One of the oldest clichés on Wall Street suggests that "It's not the news, but how the market reacts to the news that matters." Cutting to the chase, Wednesday's market action seemed to exemplify this concept.
While large intraday swings in stocks isn't exactly a new phenomenon, moves of more than 1 percent tend to be associated with news, rumors, or headlines. And although there was a fair amount of economic data (Retail Sales, CPI, Architectural Billing Index, and Existing Home Sales) as well as an abundance of Fed chatter, there wasn't any key piece of information that seemed to spark the 15-point decline in the S&P 500.
Bullard Started Things Off
Speaking of Fed chatter, St. Louis Federal Reserve Bank President James Bullard got into the act early on Wednesday by "talking taper" just as the S&P 500 (NYSE: SPY) was making the high of the day.
Referring to when the Fed might begin tapering their QE program, Bullard told a Bloomberg television audience, "It is definitely on the table, but it is going to depend on the data." When asked about the timing of the first taper move, he replied, "A strong jobs report, I think, would increase the probability some for a December taper."
Oh, and yes, the algos noticed Bullard's comments, which were good for six or seven S&P points in a matter of minutes.
Then The Minutes Hit
Next, the volatility and the dance to the downside picked up meaningfully upon the release of the minutes from the latest FOMC meeting. However, the strange part is the fact that the Fed minutes didn't really say much of anything - and there definitely wasn't anything new to be gleaned.
Sure, the October FOMC minutes did show that the committee had enjoyed a spirited debate on a number of topics. However, the minutes themselves did not provide any additional insight into the specific timing of when the Fed would begin tapering its QE3 program.
In fact, it was the discourse on the topic of when the taper would begin that was cited as one of the primary problems for the market (i.e. the reason the sell algos were unleashed). According to the minutes, the committee struggled to build a consensus on how they would act under different scenarios. For example, the committee members couldn't agree on what to do if the economy doesn't improve and the benefits of QE program begin to outweigh the costs.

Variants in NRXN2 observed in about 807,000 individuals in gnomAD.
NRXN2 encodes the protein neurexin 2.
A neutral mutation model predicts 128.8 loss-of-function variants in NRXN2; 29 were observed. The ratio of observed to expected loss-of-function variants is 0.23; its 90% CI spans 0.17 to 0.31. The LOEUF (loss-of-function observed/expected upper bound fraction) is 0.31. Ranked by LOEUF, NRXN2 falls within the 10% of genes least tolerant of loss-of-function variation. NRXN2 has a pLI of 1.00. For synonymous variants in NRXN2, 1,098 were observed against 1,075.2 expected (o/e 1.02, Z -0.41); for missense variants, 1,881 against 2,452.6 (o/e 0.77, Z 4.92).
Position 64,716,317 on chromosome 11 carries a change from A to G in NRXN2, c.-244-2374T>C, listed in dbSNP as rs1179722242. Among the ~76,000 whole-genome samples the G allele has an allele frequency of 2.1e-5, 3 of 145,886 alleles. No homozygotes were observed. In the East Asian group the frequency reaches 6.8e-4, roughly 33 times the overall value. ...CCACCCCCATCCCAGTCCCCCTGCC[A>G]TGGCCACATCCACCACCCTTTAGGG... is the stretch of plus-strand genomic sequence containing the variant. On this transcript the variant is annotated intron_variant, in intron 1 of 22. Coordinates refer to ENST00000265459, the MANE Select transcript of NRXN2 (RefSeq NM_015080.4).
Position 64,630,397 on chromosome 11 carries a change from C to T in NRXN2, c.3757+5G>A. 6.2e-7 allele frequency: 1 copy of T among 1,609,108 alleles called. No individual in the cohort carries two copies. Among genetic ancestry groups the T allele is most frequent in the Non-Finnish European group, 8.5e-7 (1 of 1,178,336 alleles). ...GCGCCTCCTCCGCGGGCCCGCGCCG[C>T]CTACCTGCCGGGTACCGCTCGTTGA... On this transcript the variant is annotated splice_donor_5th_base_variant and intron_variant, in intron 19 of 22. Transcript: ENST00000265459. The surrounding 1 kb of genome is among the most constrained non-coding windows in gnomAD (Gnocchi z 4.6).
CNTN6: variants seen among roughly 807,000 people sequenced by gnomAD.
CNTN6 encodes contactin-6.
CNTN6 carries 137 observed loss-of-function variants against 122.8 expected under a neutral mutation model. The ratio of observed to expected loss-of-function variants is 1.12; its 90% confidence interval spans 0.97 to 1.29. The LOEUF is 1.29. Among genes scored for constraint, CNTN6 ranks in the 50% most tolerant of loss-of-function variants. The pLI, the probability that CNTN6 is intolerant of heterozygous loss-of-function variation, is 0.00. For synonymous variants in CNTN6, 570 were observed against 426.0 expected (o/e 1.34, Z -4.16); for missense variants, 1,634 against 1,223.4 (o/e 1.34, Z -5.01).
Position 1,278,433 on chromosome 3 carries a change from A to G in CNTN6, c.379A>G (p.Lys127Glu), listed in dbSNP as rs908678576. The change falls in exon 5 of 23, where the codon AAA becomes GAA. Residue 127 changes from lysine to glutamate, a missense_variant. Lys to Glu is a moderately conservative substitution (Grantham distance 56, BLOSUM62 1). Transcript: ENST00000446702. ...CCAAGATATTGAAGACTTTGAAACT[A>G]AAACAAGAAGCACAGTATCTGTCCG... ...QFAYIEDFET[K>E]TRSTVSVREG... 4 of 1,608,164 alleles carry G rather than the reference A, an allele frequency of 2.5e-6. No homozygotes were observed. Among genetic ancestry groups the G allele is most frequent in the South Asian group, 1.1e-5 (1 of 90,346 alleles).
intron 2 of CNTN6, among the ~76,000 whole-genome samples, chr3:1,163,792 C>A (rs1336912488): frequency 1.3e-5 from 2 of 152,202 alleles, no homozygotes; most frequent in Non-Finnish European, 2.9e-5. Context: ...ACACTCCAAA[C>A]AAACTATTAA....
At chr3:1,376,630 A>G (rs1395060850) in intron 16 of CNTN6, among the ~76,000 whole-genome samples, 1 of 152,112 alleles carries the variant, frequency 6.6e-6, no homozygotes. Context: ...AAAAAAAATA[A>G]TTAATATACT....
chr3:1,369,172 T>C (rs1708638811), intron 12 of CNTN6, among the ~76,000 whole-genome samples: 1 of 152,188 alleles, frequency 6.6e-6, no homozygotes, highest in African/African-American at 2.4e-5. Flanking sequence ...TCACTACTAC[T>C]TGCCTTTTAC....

Apparently this confusion and the fact that the FOMC did not completely close the door on tapering in December caused some traders to throw a mini "tapertantrum" yesterday afternoon.
What's The Takeaway?
So here's the takeaway. While it is unlikely that the Fed will begin to taper their QE program a week before Christmas, the committee is compelled to say that they remain "data dependent" at this stage. However, every time the algos see the words "taper" and "December" in the same paragraph, sell programs are run.
From a big-picture perspective however, the fact that stocks fell for a third straight day on #NoNews, may be telling. Remember, as the cliché goes, "It's not the news...."
Time to Take a Break?
The key here is the general consensus seems to be that it's time for the current joyride to the upside to take a break. As was discussed in yesterday's missive, there are lots of reasons to be nervous right now. The length of the bull market. Earnings. Valuations. Sentiment. Economic growth. The taper, etc. As such, the vast majority of traders appear to be playing for a pullback right now. And sometimes, these things become self-fulfilling.
But here's the rub. The same folks that are pounding the table about a pullback needing to happen right here and now are also the ones who have been dead wrong all year. Oops.
Sure, stocks are extended. And yes, this rally has run an awfully long way. Oh, and the amount of time that has elapsed since the last correction of 10 percent or more is now quite long. But, it is also important to recognize that Ms. Market doesn't generally appease the masses.
So, while the algos are able to push the indices around in the near-term, the bears have been largely unsuccessful this year. Therefore, unless a real reason comes along, the buy-the-dip crowd may just continue to do their thing into the end of the year.
Turning to this morning... The back-and-forth relating to expectations of when the Fed may or may not taper their QE program continues to be the focal point this morning. However, there is a fair amount of data for traders to review this morning as Eurozone and China flash PMIs are out. In addition, there is a slew of data to be released here in the U.S. before 10:00 am eastern. But so far at least, U.S. futures appear to be in rebound mode after a three-day slide.
Positions in stocks mentioned: none
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